9. The entire population of the Municipality of Northern Bruce Peninsula (which includes Tobermory and Lion's Head amongst others) is only 4,000 residents; this isn't enough to support a year-round daily bus service. During the summer season, Tobermory swells with tourists and tourist-oriented business, making it potentially viable for a seasonal service. However, most of the businesses in Tobermory shut down during the winter; I was up a couple years ago on the weekend after Labour Day and every restaurant in town closed at 6pm on Saturday evening, and would only reopen the following Friday. That indicates the local permanent population isn't enough to support them. There's already a seasonal Parks Bus from Toronto stopping in Bruce Peninsula National Park and Tobermory which seems to be successful. However, the former Bruce Peninsula Transit failed relatively quickly a couple of years ago, proving that there's not enough year-round demand to support a private system.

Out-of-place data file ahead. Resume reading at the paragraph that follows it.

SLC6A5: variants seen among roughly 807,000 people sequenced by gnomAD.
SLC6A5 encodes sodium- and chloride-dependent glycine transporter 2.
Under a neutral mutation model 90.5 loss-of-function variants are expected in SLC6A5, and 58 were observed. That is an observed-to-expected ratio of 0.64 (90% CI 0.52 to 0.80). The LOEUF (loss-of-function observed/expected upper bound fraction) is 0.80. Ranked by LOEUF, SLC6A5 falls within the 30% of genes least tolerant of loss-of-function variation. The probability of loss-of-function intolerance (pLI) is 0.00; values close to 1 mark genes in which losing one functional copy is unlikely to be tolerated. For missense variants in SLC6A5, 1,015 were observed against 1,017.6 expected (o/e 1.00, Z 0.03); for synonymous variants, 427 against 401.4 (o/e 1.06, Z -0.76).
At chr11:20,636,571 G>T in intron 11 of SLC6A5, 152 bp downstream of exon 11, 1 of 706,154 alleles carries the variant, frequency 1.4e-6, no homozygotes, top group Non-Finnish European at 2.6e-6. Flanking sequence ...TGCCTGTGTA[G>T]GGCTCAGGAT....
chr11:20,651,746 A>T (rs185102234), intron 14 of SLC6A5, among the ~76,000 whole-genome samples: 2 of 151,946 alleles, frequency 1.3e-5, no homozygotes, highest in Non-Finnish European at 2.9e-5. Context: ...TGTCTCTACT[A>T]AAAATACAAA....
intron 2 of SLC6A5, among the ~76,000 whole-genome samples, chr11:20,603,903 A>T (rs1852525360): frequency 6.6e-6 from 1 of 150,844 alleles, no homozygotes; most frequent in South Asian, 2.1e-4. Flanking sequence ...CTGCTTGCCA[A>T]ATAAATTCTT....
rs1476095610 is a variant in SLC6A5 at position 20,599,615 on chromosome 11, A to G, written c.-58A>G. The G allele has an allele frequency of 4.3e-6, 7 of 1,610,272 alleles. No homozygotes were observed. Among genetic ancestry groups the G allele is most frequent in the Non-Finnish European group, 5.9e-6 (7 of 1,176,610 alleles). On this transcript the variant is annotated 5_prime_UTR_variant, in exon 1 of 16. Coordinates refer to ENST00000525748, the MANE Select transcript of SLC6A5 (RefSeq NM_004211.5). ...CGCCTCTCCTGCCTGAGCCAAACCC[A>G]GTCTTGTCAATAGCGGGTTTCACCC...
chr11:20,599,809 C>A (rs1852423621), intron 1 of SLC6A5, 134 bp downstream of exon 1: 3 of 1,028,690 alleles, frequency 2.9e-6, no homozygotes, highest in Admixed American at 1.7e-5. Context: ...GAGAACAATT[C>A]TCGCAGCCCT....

10. Only two buses are required for the 21 and 22... the 21's first trip is not until the first AM 22 returns to Kimberley, and the last 21 trip arrives back in Kimberley before the first PM 22 departs. However, the 23 requires its own bus, and the On-Request/HandyDART service in town would also need a bus dedicated to it (although the hours could likely work around when the other three are not running scheduled service). With 3 buses in service, you need more than one spare unit. With 4 buses, you're likely always going to have one unit off the road for regular servicing and maintenance. So what happens when one of the three on the road breaks down or needs to be changed off? It also doesn't accommodate for any long-term repairs such as collision repair, which means you could be running with zero spares for a couple of weeks. While a 25% spare ratio sounds great in the context of a large fleet, you need to think about how that might actually work in practice for a smaller fleet.